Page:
Automating the Jobs Away

Automating the Jobs Away

I was just listening to Marketplace on NPR (Jobs of the Future: Middle class struggles with changing job market). Analysts are finally talking about something I have been saying for a long time. The jobless rate is not just about creating industrial age jobs because in the last several recessions millions of jobs have been lost to automation and they aren’t coming back. That is right. No matter how much we stimulate the economy, businesses have made a frugal choice, in this economy drive by quarterly results, to trade-off innovation with automation.

That trade-off, to me, is very real. At least for now, computers don’t improve themselves. Processes remain improved by people. More importantly, people decide when a process doesn’t make sense anymore. We are early in this, but a time will come when businesses will realize that the automation is costing them money because they are doing things they don’t need to do. Now, with automation, that doing may be very very cheap, but it isn’t free, especially when the costs of maintaining those systems is factored in. Systems have become so complex that if they are migrated, the technical issues often trump the business issues and applications, data and tasks are moved over to new platforms with little review.

Businesses want to be efficient, but they are very short-sighted. With automation, they are also removing their feedback loops. They are understaffed to even figure out if the automation makes any sense or not.

Of course, automation doesn’t apply to jobs that require degrees, like management consultant, doctors, nurses and engineers. Not everyone wants those jobs though. Some people want a job to make a wage so they can take care of their family with a little time to enjoy football on the weekend. But we don’t seem to make jobs like that anymore. We have automated them out of existence.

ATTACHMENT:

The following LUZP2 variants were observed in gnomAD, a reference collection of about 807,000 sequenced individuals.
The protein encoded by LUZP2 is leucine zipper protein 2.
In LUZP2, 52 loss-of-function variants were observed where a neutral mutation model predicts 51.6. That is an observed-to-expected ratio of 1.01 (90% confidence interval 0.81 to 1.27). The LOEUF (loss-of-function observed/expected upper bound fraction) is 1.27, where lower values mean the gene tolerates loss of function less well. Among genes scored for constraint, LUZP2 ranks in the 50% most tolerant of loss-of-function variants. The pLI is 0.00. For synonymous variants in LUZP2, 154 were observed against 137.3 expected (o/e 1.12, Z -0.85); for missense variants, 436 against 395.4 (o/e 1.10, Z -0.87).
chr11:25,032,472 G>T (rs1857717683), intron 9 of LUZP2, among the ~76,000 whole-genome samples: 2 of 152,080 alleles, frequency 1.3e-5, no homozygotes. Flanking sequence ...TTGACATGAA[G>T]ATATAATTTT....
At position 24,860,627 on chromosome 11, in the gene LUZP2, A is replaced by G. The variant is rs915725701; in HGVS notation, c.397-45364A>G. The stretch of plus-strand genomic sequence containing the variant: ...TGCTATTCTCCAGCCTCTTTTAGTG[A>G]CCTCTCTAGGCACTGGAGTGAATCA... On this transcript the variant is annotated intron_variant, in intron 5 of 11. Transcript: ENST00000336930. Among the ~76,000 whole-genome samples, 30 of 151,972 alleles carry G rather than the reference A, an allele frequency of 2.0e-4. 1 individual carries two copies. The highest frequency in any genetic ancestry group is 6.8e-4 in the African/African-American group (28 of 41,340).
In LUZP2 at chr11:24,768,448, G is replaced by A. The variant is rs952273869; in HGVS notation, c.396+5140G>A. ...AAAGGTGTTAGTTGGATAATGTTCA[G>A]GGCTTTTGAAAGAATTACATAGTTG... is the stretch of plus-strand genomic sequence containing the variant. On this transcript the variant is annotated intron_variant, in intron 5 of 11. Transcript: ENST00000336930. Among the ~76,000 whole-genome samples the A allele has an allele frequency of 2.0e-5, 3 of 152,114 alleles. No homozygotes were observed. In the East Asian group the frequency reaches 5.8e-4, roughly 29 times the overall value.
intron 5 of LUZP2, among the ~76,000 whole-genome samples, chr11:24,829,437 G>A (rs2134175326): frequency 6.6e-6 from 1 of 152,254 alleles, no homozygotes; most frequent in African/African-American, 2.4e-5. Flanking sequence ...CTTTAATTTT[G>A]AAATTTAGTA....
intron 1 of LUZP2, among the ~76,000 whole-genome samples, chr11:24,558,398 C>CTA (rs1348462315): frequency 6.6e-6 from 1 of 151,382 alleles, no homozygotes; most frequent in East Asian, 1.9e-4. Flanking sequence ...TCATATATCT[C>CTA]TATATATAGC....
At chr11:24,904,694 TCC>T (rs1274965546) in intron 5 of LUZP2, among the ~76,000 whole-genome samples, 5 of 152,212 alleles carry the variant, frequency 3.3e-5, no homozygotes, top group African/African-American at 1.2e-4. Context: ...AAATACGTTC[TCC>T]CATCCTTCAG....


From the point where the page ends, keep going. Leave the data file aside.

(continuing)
We don’t have a job problem, we have an appreciation of value problem. We have smart people with good instincts and solid experience being demotivated as leaders talk of obsolesce, just like they do of the machines who replaced these people’s jobs. What we need are creative ways to repurpose their skills and knowledge. Perhaps, as I have suggested before, selling it to China and India to ensure that the products they make for us meet our quality and safety expectations. They may have a lot of people in those countries, but they don’t have a lot of experienced managers or line workers. Let’s stop talking about our jobs in America as though we live in a vacuum. The market for our brains isn’t here, so let’s sell our knowledge elsewhere. The Net has made delivery of knowledge nearly zero, so the cost of starting a business and growing it is minimal.

Perhaps some of those business people running for office who don’t win next week can point their considerable talents, money (and new found free time) to making an American knowledge economy work.

I will leave you with this story from the NPR piece, and encourage you again to read or listen to the entire story:

Hayes: The manufacturing facility of the future will employ two people. One will be a man, and one will be a dog. And the man will be there to feed the dog. And the dog will be there to make sure the man doesn’t touch the equipment.

Charles Hayes runs an area business group, the Research Triangle Regional Partnership.

Daniel W. Rasmus

Daniel W. Rasmus, Founder and Principal Analyst of Serious Insights, is an internationally recognized speaker on the future of work and education. He is the author of several books, including Listening to the Future and Management by Design.

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